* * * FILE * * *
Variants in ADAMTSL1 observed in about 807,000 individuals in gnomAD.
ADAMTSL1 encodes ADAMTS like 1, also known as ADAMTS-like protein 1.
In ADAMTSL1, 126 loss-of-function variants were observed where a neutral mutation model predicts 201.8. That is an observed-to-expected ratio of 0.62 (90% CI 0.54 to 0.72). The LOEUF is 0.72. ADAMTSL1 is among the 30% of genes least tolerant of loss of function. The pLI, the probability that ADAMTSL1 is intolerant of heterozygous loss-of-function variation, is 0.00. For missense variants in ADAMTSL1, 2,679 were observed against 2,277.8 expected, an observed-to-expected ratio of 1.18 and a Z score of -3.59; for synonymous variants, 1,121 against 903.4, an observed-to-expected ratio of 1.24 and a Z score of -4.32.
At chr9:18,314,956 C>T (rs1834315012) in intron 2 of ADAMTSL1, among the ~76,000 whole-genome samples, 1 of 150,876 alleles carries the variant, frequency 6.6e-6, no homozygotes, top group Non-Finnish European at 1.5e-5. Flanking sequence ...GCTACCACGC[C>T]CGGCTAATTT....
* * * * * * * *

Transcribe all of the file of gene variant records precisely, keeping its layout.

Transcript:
Variants in ADAMTSL1 observed in about 807,000 individuals in gnomAD.
ADAMTSL1 encodes ADAMTS like 1, also known as ADAMTS-like protein 1.
In ADAMTSL1, 126 loss-of-function variants were observed where a neutral mutation model predicts 201.8. That is an observed-to-expected ratio of 0.62 (90% CI 0.54 to 0.72). The LOEUF is 0.72. ADAMTSL1 is among the 30% of genes least tolerant of loss of function. The pLI, the probability that ADAMTSL1 is intolerant of heterozygous loss-of-function variation, is 0.00. For missense variants in ADAMTSL1, 2,679 were observed against 2,277.8 expected, an observed-to-expected ratio of 1.18 and a Z score of -3.59; for synonymous variants, 1,121 against 903.4, an observed-to-expected ratio of 1.24 and a Z score of -4.32.
At chr9:18,314,956 C>T (rs1834315012) in intron 2 of ADAMTSL1, among the ~76,000 whole-genome samples, 1 of 150,876 alleles carries the variant, frequency 6.6e-6, no homozygotes, top group Non-Finnish European at 1.5e-5. Flanking sequence ...GCTACCACGC[C>T]CGGCTAATTT....